Until recently, I’d never really thought of using wheat for anything but flour. I’m comfortable with using whole-wheat flour but had never tried using the grain in its whole, unground state, known as wheat berries. After doing a little research and poring through a few food storage cookbooks, I decided to try wheat in ways I never have just for the heck of it and to see how I’d like the variety.
Cooking wheat berries on the stove takes a long time. Mine took about an hour before they finally got to the “splitting open” stage, which is how you know they’re done. I consider an hour too long to baby-sit something on the stove, so I tried my slow cooker. 3 hours on high did the trick and yielded perfectly chewy, but done, berries. (There is also the Instant Pot option for 30 minutes, but I haven’t tried that yet.) So, how the heck do you eat these things? They’re chewier than brown rice and nuttier in flavor, so not all the suggested uses were equally liked in our family.
1. As a substitute for rice (side dish), we decided NO. The berries are simply too chewy to pass off as rice, even brown rice.
2. As fried “rice”, YES. The berries soak up the soy sauce and taste delicious. I cooked them just as I would regular fried rice.
3. As a breakfast cereal, YES. They are really tasty with butter, salt, and honey. The chewiness takes a little getting used to, but it’s not unpleasant.
4. As popped wheat, NO. James said they tasted too much like Grape Nuts. I much prefer popcorn since the wheat doesn’t get fluffy. It’s crunchy like a soy- or cornut, but the flavor is different. I tried cinnamon-sugar, but I think savory would be better, like seasoned salt. I didn’t hate popped wheat, but since James didn’t like it, we will stick to popcorn.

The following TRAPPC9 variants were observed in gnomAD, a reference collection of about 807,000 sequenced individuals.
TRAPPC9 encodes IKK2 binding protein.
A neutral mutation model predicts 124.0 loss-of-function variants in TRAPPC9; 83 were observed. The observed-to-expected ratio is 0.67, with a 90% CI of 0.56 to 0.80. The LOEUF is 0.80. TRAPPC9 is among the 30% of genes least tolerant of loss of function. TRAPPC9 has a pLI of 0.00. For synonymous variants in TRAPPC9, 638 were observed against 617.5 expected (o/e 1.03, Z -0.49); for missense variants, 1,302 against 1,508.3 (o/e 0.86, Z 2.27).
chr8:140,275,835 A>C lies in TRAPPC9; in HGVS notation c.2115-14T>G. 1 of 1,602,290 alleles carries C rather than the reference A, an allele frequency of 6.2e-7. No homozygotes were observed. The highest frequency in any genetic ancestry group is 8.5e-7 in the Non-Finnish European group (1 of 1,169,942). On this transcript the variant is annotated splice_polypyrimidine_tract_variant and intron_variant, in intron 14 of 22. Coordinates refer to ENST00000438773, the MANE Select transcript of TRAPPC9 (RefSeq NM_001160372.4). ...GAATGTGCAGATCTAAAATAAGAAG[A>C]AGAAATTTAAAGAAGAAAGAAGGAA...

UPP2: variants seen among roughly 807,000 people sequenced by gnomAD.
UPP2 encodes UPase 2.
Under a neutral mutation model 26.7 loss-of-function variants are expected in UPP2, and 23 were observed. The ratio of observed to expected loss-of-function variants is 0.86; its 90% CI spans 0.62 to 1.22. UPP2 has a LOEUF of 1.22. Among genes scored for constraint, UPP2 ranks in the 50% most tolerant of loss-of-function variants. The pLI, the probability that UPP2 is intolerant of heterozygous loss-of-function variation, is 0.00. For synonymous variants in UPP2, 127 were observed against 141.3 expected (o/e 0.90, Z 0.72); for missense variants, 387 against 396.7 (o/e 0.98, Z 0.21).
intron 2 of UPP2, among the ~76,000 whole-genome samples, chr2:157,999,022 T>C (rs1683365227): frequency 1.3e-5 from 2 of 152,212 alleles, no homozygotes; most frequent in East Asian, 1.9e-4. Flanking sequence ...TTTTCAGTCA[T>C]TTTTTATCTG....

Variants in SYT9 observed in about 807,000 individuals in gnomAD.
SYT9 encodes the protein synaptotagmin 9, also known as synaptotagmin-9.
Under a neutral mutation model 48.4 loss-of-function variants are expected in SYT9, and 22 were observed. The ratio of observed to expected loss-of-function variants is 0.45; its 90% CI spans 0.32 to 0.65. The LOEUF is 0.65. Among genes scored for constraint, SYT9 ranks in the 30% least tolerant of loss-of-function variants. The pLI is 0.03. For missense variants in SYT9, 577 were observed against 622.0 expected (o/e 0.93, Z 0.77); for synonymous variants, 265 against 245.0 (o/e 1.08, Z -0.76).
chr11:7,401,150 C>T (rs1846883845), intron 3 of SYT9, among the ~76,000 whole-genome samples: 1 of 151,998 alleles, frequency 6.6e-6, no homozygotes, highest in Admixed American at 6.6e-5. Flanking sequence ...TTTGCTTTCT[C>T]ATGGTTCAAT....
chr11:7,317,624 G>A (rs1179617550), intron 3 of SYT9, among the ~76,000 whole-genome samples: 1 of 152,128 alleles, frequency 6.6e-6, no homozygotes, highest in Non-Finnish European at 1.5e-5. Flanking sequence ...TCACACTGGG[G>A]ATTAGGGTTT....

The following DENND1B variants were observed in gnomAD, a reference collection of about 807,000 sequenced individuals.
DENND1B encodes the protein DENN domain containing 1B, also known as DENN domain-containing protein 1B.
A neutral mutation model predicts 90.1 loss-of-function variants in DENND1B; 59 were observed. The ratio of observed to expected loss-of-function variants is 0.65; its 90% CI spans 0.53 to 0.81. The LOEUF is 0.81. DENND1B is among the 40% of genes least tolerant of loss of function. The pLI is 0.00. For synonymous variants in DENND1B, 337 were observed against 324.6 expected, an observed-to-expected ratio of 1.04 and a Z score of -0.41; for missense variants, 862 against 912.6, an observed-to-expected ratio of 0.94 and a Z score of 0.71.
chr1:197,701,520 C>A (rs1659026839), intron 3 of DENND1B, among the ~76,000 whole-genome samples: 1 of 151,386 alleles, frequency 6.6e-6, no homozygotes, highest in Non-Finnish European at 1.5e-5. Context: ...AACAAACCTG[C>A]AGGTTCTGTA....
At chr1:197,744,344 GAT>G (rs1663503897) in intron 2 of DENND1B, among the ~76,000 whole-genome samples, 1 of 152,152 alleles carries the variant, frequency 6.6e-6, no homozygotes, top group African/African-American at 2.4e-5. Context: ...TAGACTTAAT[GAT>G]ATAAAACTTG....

5. In salads, NO. I prefer my salads to be all veggies and have never really liked cold grain salads or even pasta salad very much.
6. As a meat substitute, NO. I never find any meat substitute to be convincing, and James hated the idea, so we didn’t try it. I’d be much more likely to use beans or skip the meat instead of trying to fake it.
7. As bulgur, NO. The process for making bulgur removes part of the grain, and I wanted to use the whole thing since it’s more nutritious.
8. In soup, MAYBE. The berries don’t get soggy, but I don’t often make soup that doesn’t already have dumplings or noodles. The wheat berries would be good as a substitute for pearled barley, but they would definitely be chewier since they have hulls and pearled barley doesn’t. A big advantage is that they wouldn’t get soggy.
It was pretty interesting to try all these different uses of wheat. It really is a versatile food.